Frederick George Triggs , Lower Hall, Hammersmith England was put in by Mr. Nathan. In his affidavit Triggs said that he was accepted as an approved settler in 1928. When he arrived in Victoria in March 1928, his selection of land was limited to blocks at Narre Warren. He took one over, and within a month it was waterlogged. Eventually he brought the whole of it under cultivation, but then found the promises regarding marketing were not fulfilled, and much of his produce was wasted. After 18 months his capital of £623 was exhausted and his accumulated debt to the Water Commission was £800. With his wife and two children he worked from 4 o'clock in the morning until night . A number of experts pronounced the block a hopeless proposition, and the commission , realising that his complaints were fully justified, offered him a transfer to another block, but that block was disposed off before he replied. The price of the land, £61 an acre, was out of all proportion to its economic value There was no depth of soil; the top soil of 3 in. had a layer of stiff blue clay beneath it. After an inspection of the Water Commission, officials realised that it was impossible to cultivate the block, and allowed him £3 a week for four months before he abandoned the land. He later returned to England. He claimed that there had been grave misrepresentation by the Lands department, that the price of the land was excessive, and that he had not received promised training and supervision. He asked that he should be resettled on another suitable block or be granted compensation by the return of the capital he had lost amounting to £650.  (The Argus,  May 13, 1931)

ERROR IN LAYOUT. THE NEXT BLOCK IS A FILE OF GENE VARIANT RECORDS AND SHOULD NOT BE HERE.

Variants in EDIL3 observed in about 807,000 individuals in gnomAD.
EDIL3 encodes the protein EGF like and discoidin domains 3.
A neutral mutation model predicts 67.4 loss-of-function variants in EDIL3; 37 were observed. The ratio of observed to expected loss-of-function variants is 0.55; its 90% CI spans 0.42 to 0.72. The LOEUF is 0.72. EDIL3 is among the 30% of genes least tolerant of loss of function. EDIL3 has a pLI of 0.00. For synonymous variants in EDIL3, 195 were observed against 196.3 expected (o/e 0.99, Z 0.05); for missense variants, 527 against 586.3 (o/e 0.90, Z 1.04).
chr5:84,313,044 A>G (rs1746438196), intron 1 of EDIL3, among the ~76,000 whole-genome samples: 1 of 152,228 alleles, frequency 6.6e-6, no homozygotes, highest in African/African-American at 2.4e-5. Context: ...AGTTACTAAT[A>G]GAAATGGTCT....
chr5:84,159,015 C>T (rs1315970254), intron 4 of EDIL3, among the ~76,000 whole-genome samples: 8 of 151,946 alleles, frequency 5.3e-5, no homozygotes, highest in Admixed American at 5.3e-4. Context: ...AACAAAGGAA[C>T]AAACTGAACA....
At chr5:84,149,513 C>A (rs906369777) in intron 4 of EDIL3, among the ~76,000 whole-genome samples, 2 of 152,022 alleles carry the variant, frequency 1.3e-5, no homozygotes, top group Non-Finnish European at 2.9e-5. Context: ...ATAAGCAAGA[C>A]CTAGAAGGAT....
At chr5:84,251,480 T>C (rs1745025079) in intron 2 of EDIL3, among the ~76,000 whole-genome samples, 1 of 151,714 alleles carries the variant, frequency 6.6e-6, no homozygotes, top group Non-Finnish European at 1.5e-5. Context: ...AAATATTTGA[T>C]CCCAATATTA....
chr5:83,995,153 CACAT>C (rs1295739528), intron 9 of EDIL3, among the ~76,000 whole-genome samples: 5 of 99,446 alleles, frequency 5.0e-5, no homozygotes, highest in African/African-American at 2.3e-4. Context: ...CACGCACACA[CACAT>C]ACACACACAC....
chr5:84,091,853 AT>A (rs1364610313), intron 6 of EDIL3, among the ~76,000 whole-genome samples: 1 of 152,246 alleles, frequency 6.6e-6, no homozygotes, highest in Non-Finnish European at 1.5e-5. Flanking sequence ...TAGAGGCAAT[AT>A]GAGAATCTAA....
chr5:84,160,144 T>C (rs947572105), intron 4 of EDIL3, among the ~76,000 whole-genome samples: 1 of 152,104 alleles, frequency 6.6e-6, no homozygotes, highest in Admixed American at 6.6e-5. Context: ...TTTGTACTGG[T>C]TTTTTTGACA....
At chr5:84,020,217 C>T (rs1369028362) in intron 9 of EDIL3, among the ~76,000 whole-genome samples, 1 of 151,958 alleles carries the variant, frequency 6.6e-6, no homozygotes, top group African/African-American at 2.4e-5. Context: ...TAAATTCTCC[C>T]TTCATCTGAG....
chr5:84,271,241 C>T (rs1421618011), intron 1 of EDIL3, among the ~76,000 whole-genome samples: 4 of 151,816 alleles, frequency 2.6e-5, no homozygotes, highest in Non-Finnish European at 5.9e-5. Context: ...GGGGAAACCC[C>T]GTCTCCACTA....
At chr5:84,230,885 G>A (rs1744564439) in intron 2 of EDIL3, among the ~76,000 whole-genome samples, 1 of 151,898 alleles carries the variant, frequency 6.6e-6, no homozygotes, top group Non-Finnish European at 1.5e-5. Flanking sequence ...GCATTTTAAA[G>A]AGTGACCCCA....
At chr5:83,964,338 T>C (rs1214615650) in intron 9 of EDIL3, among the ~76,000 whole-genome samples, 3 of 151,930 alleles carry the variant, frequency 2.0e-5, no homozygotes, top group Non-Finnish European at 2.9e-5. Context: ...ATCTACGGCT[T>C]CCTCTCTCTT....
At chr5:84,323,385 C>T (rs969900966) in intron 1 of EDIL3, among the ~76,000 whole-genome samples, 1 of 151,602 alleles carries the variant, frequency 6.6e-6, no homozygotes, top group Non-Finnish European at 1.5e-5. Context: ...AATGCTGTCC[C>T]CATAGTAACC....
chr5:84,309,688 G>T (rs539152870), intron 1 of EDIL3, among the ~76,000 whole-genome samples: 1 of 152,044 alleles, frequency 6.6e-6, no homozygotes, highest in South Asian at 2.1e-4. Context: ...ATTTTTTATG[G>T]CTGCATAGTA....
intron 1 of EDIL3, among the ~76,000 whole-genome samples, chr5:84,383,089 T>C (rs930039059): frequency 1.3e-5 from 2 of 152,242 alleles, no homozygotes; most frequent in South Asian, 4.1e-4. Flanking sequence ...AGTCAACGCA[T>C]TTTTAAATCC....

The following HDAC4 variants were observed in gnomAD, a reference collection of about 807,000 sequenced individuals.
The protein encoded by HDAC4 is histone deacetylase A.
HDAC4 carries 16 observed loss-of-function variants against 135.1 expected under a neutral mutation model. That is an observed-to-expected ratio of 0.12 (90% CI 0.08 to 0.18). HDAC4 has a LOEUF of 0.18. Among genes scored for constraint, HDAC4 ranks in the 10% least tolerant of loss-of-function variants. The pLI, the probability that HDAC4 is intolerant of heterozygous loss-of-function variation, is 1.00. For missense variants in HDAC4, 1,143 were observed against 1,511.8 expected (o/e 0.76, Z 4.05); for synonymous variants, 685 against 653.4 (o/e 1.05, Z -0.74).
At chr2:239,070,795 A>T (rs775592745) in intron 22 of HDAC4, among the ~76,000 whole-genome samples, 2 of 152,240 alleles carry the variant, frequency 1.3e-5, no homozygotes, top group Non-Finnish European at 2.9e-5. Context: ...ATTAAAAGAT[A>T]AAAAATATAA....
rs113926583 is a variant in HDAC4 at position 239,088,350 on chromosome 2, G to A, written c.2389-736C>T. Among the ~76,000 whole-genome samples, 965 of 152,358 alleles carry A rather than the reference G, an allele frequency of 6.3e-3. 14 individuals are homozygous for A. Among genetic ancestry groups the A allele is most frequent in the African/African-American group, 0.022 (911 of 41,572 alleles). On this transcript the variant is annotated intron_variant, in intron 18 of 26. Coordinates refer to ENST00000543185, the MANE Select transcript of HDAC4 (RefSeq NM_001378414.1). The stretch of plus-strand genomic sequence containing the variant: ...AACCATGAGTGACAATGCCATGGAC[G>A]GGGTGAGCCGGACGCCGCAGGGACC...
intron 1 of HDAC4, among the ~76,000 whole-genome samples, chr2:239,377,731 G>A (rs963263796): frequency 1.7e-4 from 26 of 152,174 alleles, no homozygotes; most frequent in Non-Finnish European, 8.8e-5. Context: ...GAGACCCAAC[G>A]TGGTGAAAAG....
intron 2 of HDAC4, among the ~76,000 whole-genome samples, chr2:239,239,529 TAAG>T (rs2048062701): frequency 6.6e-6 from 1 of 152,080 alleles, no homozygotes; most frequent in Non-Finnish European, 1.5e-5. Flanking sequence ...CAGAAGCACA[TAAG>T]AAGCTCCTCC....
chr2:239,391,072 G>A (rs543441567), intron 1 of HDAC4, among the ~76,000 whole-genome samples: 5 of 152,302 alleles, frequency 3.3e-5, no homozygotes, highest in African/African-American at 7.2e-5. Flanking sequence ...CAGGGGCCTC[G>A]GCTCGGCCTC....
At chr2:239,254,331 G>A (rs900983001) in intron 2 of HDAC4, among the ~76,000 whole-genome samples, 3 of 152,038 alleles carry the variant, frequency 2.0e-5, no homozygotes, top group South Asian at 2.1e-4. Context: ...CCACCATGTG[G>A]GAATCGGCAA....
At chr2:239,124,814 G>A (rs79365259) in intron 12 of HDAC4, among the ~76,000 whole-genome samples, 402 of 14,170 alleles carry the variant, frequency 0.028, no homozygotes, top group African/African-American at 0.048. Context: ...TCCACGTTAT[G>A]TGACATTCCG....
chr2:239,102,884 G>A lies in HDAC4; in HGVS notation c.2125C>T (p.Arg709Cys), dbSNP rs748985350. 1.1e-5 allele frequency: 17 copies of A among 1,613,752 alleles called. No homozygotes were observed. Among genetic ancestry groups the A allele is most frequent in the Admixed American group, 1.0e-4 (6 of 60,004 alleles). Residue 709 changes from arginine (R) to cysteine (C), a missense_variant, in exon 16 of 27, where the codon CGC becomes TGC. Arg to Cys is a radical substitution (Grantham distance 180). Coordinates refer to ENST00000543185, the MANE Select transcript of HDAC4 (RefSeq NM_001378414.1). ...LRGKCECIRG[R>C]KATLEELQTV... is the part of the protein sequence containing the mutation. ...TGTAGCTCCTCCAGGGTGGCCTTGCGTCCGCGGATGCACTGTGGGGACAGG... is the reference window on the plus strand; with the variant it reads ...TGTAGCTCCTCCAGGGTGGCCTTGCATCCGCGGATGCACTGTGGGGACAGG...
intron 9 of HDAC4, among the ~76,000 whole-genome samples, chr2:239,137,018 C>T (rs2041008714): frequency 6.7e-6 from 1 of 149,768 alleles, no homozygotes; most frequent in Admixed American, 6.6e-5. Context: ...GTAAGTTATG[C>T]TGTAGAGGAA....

Evidence from Henry James F. Jones, Koo Wee Rup (later at Fish Creek)
Henry James F. Jones, farmer, of Fish Creek, stated in 19136 he left England, where he was earning £5 12/6 as a painter. Mr Wyatt told him land suitable for dairying could be obtained at from £5 to £10 an acre. He and his wife had £850 between them upon landing in Australia. After being at Elcho farm he was shown land at Kooweerup valued at £1966, portion of which was swamp abandoned by a former settler. The board's solicitor stated the board admitted the land was unsuitable for settlement, and the whole question was a matter of compensation. Witness, continuing, said the block was completely saturated with water at one time. Officials of the board said improvements were futile on such land. Draining cost him £90. In 1927 his receipts from potatoes and dairying were £566. In 1928 and 1929 he received £929, and his expenses were £692. Owing to flooding of the land he gave up and went to Fish Creek. On 100 acres at £23 an acre he had 12 cows, from which he received £120 for the year. He grew potatoes and the highest price he received was £3 a ton. He had only £50, four cows, three horses and farm implements when he left Kooweerup. His interest and principal to the board was accumulating, as the area was not large enough to make a living. (The Age, May 20, 1931)

Evidence from George Lewis Williams, district officer for the Water Commission of the Mornington peninsula area.
As might be expected some of the officials who gave evidence had a different viewpoint. Mr Williams was quite blunt in his evidence.